Frugal Gardening tips.

Discussion in 'Gardening' started by Soledad, Jan 23, 2010.

  1. Soledad

    Soledad Back to little sleep

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    First time renting a house with a backyard. This yard is all grass right now and landlord said we could plant a garden as long as when we were ready to move we reseed the back yard.

    I plan on gardening in the back and maybe use raised beds. And some container gardening in the front porch area. The porch is very big and come summer I know I'll be getting more sunlight than I can want.

    Please share any frugal tips you may have for me. We don't want to invest two much as we plan on moving in another year and a half.
  2. Barb

    Barb Moderator Staff Member

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    no advice but subbing and bumping because I want to start gardening in our yard. Have chickens. H ave compost. Have no clue how to grow anything.
  3. marie35

    marie35 New Member

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    gardening is a very healthy activity... i mostly past my free time doing gardening...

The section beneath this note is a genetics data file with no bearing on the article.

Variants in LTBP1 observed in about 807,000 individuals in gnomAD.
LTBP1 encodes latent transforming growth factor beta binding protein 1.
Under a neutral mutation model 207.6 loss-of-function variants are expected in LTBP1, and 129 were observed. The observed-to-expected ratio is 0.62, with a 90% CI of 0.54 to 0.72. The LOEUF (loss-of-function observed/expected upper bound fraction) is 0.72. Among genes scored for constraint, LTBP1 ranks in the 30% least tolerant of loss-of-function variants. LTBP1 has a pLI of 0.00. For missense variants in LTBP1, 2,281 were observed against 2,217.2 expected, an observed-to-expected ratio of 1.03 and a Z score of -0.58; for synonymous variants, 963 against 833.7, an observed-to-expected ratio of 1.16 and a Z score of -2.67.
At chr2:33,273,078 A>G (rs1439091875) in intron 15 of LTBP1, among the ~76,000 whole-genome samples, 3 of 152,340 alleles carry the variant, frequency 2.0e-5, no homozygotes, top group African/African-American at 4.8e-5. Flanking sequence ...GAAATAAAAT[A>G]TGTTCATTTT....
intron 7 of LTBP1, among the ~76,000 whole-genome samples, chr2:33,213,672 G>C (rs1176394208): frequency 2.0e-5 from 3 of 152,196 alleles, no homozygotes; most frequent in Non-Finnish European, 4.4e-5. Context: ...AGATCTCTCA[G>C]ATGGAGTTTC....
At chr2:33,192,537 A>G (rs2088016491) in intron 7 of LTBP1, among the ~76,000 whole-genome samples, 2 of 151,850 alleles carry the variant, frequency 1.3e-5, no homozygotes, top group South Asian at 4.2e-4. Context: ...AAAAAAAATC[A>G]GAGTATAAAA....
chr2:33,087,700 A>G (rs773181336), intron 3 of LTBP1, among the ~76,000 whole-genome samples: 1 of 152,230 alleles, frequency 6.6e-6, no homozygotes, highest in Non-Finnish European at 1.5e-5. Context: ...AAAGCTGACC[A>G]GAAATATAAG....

4. Deanna

    Deanna With arms wide open...

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    i'm trying to find the directions or pic of my compost bin. i love it, and we built it with scrap wood from our fence, so it was super cheap. i uploaded a pic of it here a long time ago... i like that i can move it anywhere in the yard, and it's easy to flip the pile (or even just part of it) when i'm ready for it. we dump all produce scraps in, egg shells, leaves, grass clippings, pumpkins, even shredded paper. for some reason, it had flies this fall, like crazy, so the kids added a huge layer of shredded paper, which took care of it.

    this one is similar, and works much like mine--
    Building a Compost Bin - Fine Gardening Article

    okay, found my post. there's a pic in this thread--
    http://www.amitymama.com/vb/marketplace/292200-tell-me-about-your-compost-pile.html

    and directions here-- Digitalseed: Stackable Wood Bin

    i just weeded my square foot veggie garden yesterday, with all the rain we had, i knew it would be easy peasy. i used my dandelion weeder (my fave tool), then put down about 2" of my very own compost. topped it with lots of grass clippings for mulch. we're expecting another storm this week, and some years we have an unexpected cold snap in March (yep, in So Cal), but I'll probably get some seeds in next week. if you're just starting out, i really like square foot gardening, there's a website out there and a book. it uses the space well, and is about staggering your plantings, so you don't have a huge crop of any one thing at once, but instead have a steady supply.
  5. Soledad

    Soledad Back to little sleep

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    Thank you for posting. I like your compost bin. We HAd a worm composting system till I got lazy and they died. :badidea: . I hope to rebuild as soon as it's warmer.